To clear up the confusion, the SNIA Ethernet Storage Forum is hosting a live Webcast, “Clustered File Systems: No Limits.” In this Webcast we will explore clustered storage solutions that not only provide multiple end users access to shared storage over a network, but allow the storage itself to be distributed and managed over multiple discrete storage systems. You’ll hear:

    • General principles and specific clustered and distributed systems and the facilities they provide built on the underlying storage
    • Better known file systems like NFS, IBM Spectrum Scale (GPFS) and Lustre, along with a few of the less well known
    • How object based systems like S3 have blurred the lines between them and traditional file based solutions

    This Webcast should appeal to those interested in exploring some of the different ways of accessing & managing storage, and how that might affect how storage systems are provisioned and consumed. POSIX and other acronyms may be mentioned, but no rocket science beyond a general understanding of the principles of storage will be assumed. Contains no nuts and is suitable for vegans!

    As always, our experts will be on hand to answer your questions on the spot. Register now for this October 25th event.

     


    Linear Tape File System Now an International Standard

    June 9th, 2016

    By David Pease, Co-Chair SNIA Linear Tape File System Technical Working Group

    In 2011 the Linear Tape File System (LTFS) earned IBM an Engineering Emmy Award after being recognized by FOX Networks for “improving the ability of media companies to capture, manage and exploit content in digital form, fundamentally changing the way that audio and video content is managed and stored.”  Now, the International Standardization Organization (ISO) has named LTFS an International Standard (ISO/IEC 20919:2016).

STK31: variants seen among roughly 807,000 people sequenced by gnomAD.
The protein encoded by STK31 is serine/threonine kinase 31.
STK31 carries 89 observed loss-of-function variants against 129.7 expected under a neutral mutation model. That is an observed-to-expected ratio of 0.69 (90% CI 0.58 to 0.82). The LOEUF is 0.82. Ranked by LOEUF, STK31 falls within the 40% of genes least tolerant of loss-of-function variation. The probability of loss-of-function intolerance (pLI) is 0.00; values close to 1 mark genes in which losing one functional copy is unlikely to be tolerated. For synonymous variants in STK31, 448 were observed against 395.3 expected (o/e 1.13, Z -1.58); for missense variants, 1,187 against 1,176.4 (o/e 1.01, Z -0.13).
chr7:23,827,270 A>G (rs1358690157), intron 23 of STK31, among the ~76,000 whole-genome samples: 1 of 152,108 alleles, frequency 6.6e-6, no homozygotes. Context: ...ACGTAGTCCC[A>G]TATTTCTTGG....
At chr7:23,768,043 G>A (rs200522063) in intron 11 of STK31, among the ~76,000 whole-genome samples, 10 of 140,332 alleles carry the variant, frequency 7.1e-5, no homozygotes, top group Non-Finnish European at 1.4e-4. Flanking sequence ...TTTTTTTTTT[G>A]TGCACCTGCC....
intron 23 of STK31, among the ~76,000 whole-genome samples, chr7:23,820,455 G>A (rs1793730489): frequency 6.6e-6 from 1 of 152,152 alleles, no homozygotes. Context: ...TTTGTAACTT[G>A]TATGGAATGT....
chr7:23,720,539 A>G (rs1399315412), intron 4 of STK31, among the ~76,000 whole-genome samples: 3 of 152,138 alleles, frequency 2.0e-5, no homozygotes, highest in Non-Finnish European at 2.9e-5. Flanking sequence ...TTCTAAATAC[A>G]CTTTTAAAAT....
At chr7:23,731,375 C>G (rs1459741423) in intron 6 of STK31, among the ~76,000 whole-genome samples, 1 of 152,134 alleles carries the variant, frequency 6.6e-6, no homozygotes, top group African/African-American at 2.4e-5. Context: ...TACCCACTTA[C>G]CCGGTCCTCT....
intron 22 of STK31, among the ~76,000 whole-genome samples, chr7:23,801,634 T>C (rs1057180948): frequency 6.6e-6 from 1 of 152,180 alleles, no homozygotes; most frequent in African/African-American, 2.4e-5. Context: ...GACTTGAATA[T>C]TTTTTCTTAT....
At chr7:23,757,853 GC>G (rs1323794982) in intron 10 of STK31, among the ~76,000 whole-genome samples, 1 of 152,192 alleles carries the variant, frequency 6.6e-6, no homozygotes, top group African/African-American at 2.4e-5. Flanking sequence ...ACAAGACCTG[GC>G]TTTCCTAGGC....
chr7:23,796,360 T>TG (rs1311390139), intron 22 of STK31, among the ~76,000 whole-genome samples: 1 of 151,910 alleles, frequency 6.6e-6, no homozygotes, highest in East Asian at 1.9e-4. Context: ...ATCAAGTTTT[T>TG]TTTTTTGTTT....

LTFS’s road to standardization was a long one.  It started with IBM and the LTO (Linear Tape Open) Consortium jointly publishing the LTFS Format Specification as an open format in April, 2010, the day that LTFS was announced at the NAB (National Association of Broadcasters) show in Las Vegas.  In 2012, at the invitation of the Storage Networking Industry Association (SNIA), we formed the SNIA LTFS Technical Work Group, with a specific goal of moving towards international standardization.  The LTFS TWG and SNIA proceeded to publish several revisions of the LTFS Format Specification, inviting all interested parties to join the work group and contribute, or to comment on the specification before formal publication.  In 2014 SNIA helped the LTFS TWG format the then-current version of the specification (V2.2) to ISO standards and worked with the ISO organization to publish the specification as a draft standard and solicit comments.  After review and comments, the LTFS Format Specification was approved by ISO as an international standard in April of 2016 (just 6 years after it was first announced).